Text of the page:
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If you are pregnant and suffer from genital herpes, what are the risks? What do you need to be aware of when you have a herpes infection? Does genital herpes have any impact your your baby's health, and on your birth? The answers to these questions depend of whether your herpes infection is a primary one (when you have herpes for the first time), or a secondary outbreak (if you have had herpes before). In addition, the timing of the attack is also important. Let's that a look at genital herpes in pregnancy in a bit more detail.

The number one worry about genital herpes is the possibility that the infection could be passed on to your baby when you give birth. Newborn herpes is exceedingly rare, but can have terrible consequences. Herpes in infants can lead to encephalitis (brain infection), liver, lung or kidney problems, and seizures among other things. In other words, herpes is something that you really do not want your baby to get. It's important to note that your baby can contract the condition if you have oral herpes too, if your baby comes into contact with cold sores. This can happen through kissing, for instance.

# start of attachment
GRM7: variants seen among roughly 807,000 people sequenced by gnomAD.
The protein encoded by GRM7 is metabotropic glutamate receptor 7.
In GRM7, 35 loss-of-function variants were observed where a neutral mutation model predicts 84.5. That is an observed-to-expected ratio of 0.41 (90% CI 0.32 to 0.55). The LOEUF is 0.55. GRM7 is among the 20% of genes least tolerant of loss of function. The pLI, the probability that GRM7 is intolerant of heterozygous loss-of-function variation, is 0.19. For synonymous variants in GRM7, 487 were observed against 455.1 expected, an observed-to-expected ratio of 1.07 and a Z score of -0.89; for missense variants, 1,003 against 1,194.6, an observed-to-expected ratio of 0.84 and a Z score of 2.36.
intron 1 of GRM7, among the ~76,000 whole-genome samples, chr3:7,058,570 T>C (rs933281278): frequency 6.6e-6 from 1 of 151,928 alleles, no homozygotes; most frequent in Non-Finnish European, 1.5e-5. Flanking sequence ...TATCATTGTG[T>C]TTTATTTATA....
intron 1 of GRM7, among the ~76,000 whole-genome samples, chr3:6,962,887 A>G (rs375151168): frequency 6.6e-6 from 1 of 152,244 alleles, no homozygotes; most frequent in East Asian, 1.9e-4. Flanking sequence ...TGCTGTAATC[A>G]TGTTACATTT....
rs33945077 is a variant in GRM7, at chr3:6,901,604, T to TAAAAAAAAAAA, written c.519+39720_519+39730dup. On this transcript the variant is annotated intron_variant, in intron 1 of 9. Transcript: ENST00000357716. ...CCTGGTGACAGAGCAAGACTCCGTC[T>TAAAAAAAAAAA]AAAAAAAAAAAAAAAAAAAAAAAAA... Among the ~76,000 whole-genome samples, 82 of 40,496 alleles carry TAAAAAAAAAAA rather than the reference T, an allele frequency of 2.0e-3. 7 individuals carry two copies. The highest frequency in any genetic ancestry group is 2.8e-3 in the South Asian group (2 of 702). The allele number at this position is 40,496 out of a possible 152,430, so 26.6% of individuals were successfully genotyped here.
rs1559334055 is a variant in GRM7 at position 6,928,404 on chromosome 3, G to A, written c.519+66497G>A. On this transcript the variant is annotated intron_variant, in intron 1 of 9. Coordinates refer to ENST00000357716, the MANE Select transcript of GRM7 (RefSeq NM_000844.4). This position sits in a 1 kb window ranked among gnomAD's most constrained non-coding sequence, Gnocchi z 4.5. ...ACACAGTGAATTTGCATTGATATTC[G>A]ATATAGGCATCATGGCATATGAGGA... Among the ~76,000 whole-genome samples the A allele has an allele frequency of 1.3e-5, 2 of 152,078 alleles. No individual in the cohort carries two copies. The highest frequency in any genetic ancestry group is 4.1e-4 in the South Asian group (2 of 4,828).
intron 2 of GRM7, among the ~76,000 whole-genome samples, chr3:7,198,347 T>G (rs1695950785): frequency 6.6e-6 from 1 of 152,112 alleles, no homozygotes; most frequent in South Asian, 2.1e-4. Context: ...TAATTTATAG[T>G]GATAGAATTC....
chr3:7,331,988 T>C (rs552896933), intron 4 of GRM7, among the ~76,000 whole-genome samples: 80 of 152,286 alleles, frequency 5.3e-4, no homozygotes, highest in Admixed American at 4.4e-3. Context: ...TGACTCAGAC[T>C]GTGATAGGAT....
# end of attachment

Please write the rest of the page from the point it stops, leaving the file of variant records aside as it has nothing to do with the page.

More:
Likewise, a primary genital herpes outbreak in the third trimester of pregnancy can result in a fetal infection, as herpes simplex can be passed on through the placenta. Such an infection can cause birth defects and other pregnancy complications. An active first break out during delivery poses the largest risk, however. Secondary infections are not as dangerous, because you will already have built up antibodies. But if you have an impending or active outbreak of genital herpes around your due date, you will need a cesarean section to protect your baby from getting the infection. Would you like more info about sexually transmitted diseases during pregnancy? Please read Chlamydia treatment options for pregnant women too.

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